Carnegie Hall starts in your living room, when you listen to your child play.
The only recital that really matters is the one the child presents to you, even if it is only thirty seconds long.
The odds of your kid being in a Broadway show are 1 in 11,000.
The odds of your kid appearing as piano soloist at Carnegie Hall must be 1 in 111,000,000,000.
Without denigrating the musical profession, it is an industry like any other, with interest groups, fiefdoms, masters and fools.
Expecting to be a musical superstar of classical music is first of all impossible, as there are no such stars left.
The record companies, such as Sony, destroyed the pool of talent in the 1980’s in search of quick bucks with rap music and any pop music that paid the bills with no effort on their part.
The result of their shortsightedness? By 2009, there is no classical music industry worth mentioning. Yes, you can earn $150,000 a year being a galley slave playing flute in a major orchestra, but the thrill is gone.
Orchestras, always supported largely by private endowment, are dying. In commercial music, machines have almost completed their coup.
Carnegie Hall, as an institution of culture, is dead. It is now a corporate museum, a reminder of a grander time when musicians were honored and music was an art.
Now, classical music is merely another dirty business, and talent has no place in it. As with everything else nowadays, Public Relations is all that matters.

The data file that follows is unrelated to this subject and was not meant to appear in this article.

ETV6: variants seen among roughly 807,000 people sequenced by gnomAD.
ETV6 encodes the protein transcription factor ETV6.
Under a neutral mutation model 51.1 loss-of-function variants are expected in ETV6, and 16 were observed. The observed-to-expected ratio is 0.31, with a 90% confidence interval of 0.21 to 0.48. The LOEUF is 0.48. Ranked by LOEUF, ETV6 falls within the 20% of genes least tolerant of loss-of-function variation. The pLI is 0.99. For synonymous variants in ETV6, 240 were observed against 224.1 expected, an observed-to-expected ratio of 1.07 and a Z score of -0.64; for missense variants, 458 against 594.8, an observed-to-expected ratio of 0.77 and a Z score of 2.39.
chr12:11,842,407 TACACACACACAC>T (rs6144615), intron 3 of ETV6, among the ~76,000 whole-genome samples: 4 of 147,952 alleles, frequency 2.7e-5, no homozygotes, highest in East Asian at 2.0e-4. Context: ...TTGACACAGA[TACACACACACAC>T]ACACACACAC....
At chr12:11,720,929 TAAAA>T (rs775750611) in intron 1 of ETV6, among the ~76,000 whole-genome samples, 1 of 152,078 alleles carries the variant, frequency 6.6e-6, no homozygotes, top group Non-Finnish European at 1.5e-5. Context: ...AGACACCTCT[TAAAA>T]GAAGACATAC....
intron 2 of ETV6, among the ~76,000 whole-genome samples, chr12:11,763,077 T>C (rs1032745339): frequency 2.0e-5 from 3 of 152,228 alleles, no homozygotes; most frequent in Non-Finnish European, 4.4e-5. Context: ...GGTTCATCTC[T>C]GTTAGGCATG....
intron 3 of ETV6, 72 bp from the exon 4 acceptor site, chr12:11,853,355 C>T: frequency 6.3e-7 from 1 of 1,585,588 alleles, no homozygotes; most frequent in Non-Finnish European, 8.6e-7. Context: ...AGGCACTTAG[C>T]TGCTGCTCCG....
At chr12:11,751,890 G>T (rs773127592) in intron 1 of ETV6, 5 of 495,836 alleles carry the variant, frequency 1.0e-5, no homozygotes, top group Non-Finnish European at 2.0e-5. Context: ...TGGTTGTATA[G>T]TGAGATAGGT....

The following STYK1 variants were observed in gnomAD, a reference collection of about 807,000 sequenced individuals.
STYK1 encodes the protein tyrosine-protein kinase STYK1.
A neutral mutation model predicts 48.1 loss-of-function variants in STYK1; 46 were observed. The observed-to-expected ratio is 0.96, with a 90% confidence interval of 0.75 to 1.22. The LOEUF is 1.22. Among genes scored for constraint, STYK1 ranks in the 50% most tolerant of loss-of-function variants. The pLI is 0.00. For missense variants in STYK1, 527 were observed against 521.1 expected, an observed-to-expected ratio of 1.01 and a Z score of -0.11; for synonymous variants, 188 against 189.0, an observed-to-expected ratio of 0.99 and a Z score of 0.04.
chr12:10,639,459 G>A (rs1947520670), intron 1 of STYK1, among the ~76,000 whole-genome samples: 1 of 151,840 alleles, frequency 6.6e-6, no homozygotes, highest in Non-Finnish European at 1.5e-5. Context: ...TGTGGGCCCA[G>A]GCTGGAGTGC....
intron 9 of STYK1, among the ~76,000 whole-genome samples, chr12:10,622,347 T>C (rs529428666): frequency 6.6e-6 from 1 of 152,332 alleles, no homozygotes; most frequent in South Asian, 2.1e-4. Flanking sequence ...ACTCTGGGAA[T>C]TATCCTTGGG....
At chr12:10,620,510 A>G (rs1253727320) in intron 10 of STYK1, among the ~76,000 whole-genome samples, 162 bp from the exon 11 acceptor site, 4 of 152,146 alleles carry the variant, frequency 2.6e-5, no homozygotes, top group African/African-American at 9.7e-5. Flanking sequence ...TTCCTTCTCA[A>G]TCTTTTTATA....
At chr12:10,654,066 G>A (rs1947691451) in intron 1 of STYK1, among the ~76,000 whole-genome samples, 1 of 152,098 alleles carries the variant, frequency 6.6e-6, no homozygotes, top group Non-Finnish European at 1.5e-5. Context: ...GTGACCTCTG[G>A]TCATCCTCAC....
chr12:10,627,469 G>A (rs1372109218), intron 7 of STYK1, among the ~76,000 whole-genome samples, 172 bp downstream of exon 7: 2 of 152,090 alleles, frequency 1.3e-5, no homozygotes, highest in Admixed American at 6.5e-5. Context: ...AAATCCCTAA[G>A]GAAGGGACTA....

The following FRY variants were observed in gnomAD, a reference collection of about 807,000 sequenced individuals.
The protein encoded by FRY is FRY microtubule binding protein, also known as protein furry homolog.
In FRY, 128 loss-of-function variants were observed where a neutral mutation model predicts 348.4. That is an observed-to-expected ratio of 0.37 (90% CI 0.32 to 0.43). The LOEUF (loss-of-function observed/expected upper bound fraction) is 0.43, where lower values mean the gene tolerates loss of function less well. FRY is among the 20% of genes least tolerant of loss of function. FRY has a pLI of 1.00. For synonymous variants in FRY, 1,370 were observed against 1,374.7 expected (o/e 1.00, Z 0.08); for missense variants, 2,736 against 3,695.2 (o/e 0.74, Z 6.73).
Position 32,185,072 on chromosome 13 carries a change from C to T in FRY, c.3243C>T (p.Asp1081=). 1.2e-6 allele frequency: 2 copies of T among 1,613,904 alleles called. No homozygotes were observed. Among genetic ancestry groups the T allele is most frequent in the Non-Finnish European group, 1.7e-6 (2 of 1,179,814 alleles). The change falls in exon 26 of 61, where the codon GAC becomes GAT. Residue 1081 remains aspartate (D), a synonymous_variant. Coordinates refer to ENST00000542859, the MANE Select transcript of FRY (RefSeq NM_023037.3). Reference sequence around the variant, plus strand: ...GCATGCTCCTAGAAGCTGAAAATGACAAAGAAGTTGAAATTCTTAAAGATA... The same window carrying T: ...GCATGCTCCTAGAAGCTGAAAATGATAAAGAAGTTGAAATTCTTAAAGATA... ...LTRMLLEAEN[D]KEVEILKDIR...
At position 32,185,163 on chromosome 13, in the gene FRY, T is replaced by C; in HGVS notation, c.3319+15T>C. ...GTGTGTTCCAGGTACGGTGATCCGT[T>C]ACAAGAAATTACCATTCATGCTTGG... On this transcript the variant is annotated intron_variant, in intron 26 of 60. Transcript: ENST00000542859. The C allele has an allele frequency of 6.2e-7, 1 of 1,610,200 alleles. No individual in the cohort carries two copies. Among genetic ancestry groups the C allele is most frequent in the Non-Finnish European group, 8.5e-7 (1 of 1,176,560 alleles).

But we can do something with our children to at least allow them to appreciate the tremendous heritage that is classical music.
All we can hope for is to preserve the memory and the music, for the world that housed such a grand idea as classical music is forever dead, killed by television and the computer, Disney, Twinkies, Mustangs and Iphones.
As early as possible, start a classical radio station playing in your home (if you can find one!) Have classical music playing for your child. They will want TV, but establish a balance between them.
Sit with your child on the sofa, and get a big picture book about the classical era (say 1650-1900.) Listen to the masterpieces and show this world to your child.
Show your children a world without phones, TVs, computers, electric light and cars. Let them listen to the wonderful music that accompanied it.
They will be fascinated.
Copyright 2008 Walden Pond Press